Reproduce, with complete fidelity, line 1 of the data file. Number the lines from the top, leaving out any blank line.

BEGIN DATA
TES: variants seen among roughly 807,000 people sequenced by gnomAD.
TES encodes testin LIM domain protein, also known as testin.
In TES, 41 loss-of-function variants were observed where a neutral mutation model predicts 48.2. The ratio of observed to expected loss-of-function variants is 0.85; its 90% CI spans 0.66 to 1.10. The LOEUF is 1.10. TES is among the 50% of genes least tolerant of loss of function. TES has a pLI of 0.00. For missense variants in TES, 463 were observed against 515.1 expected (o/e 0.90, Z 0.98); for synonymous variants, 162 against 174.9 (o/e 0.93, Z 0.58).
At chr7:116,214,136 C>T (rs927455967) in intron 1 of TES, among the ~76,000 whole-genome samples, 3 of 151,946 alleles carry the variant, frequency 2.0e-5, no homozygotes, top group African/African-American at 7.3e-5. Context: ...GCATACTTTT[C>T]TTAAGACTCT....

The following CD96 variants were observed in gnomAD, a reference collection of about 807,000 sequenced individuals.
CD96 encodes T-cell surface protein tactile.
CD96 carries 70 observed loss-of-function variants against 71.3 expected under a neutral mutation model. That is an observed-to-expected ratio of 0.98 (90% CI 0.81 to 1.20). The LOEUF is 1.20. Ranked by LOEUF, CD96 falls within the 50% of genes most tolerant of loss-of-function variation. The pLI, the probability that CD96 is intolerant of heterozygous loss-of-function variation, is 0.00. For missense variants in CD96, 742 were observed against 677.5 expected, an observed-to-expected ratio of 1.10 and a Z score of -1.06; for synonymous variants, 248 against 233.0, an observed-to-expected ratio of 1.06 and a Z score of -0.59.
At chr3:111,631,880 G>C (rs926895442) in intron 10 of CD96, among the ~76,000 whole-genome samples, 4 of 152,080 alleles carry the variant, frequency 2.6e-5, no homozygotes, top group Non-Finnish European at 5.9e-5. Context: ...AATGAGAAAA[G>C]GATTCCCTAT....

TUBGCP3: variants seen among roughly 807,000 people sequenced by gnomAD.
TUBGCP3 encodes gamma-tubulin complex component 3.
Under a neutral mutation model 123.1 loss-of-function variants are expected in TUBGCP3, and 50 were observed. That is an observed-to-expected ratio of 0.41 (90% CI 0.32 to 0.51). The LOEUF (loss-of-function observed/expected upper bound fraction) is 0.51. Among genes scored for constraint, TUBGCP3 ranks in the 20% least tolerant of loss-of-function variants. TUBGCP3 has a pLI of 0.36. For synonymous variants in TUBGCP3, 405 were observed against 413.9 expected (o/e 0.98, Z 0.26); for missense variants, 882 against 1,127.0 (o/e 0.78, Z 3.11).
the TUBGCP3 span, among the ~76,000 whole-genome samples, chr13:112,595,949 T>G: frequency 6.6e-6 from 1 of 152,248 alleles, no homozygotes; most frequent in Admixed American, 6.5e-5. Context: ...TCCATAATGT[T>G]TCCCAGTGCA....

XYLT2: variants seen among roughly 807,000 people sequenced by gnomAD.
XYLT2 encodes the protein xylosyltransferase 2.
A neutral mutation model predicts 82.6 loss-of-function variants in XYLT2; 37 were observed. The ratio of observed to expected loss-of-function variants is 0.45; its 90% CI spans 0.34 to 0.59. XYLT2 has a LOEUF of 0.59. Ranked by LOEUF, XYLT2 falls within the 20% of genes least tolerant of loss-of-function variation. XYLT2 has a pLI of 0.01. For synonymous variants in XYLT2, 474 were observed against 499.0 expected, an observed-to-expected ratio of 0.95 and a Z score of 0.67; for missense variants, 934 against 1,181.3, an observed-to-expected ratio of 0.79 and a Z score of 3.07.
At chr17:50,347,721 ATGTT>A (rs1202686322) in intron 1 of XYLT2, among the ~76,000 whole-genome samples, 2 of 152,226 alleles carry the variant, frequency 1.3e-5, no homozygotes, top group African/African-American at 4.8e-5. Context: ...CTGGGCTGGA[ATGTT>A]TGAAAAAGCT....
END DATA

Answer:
TES: variants seen among roughly 807,000 people sequenced by gnomAD.